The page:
Under the new effort, police officers will be positioned both on the street and in police vehicles at various intersections in their municipality, where they can observe drivers who may be violating the cell phone law. If a violation is observed, the vehicle will be pulled over and the driver issued a citation. Motorists face a $100 fine for violating the law.

Fischer added that according to a Fairleigh Dickenson University PublicMinds Poll of New Jersey motorists, 59 percent say they never use a hand-held cell phone while driving, yet 79 percent say that they see others violating the law.

"The public perception is that this law is not being enforced, and that's simply not true," Fischer stated. "Between March 1, 2008 and January, 2009 — the first 11 months the primary cell phone law has been in effect — more than 108,000 tickets were issued to cell phone violators. Clearly, the law is being enforced, and this new effort will further the good work police departments throughout New Jersey are already doing to stop cell phone violators."

New Jersey Steps Up Cell Phone Law Enforcement...
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Drivers Impaired Just by Listening to Cell Phone

Listening drivers make mistakes similar to drunken drivers

Just listening to a cell phone while driving is a significant distraction, and it causes some of the same types of mistakes as drunk drivers make, according to scientists at Carnegie Mellon University.

The use of cell phones, including dialing and texting, has long been a safety concern for drivers. But the Carnegie Mellon study, for the first time, used brain imaging to document that listening alone reduces by 37 percent the amount of brain activity associated with driving.

This can cause drivers to weave out of their lane, based on the performance of subjects using a driving simulator.

The findings, to be reported in an upcoming issue of the journal Brain Research, show that making cell phones hands-free or voice-activated is not sufficient in eliminating distractions to drivers.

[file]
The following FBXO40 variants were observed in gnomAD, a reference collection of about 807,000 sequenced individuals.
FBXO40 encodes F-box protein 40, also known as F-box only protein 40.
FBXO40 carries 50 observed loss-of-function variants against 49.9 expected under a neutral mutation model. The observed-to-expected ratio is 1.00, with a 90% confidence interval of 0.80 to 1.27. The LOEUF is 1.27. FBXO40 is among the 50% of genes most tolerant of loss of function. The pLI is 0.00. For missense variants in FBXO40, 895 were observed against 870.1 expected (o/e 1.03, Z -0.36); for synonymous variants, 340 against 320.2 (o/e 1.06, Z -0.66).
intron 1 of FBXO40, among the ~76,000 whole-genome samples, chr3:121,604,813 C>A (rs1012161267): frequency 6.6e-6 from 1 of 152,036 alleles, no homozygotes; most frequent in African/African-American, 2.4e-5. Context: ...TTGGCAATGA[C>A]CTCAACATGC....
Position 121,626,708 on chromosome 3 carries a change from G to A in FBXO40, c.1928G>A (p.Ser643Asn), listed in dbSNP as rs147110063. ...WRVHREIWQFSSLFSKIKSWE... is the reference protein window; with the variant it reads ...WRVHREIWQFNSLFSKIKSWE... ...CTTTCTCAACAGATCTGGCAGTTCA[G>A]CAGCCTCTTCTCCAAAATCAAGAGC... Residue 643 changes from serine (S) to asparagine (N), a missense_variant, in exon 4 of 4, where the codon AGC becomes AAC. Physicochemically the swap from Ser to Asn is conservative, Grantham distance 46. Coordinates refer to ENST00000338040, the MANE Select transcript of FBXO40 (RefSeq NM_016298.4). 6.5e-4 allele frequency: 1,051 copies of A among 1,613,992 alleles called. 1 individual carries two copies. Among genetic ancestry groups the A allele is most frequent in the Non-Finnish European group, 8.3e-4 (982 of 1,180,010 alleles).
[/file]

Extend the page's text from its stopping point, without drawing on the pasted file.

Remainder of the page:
Drivers need to keep not only their hands on the wheel; they also have to keep their brains on the road, said neuroscientist Marcel Just, director of the Center for Cognitive Brain Imaging.

Other distractions, such as eating, listening to the radio or talking with a passenger, also can divert a driver. Though it is not known how these activities compare with cell phone use, Just said there are reasons to believe cell phones may be especially distracting.

Talking on a cell phone has a special social demand, such that not attending to the cell conversation can be interpreted as rude, insulting behavior, he noted. A passenger, by contrast, is likely to recognize increased demands on the drivers attention and stop talking.

The 29 study volunteers used a driving simulator while inside an MRI brain scanner. They steered a car along a virtual winding road at a fixed, challenging speed, either while they were undisturbed, or while they were deciding whether a sentence they heard was true or false.

Justs team used state-of-the-art functional magnetic resonance imaging (fMRI) methods to measure activity in 20,000 brain locations, each about the size of a peppercorn. Measurements were made every second.

The driving-while-listening condition produced a 37 percent decrease in activity of the brains parietal lobe, which is associated with driving. This portion of the brain integrates sensory information and is critical for spatial sense and navigation. Activity was also reduced in the occipital lobe, which processes visual information.

The other impact of driving-while-listening was a significant deterioration in the quality of driving.

Subjects who were listening committed more lane maintenance errors, such as hitting a simulated guardrail, and deviating from the middle of the lane.

Both kinds of influences decrease the brains capacity to drive well, and that decrease can be costly when the margin for error is small.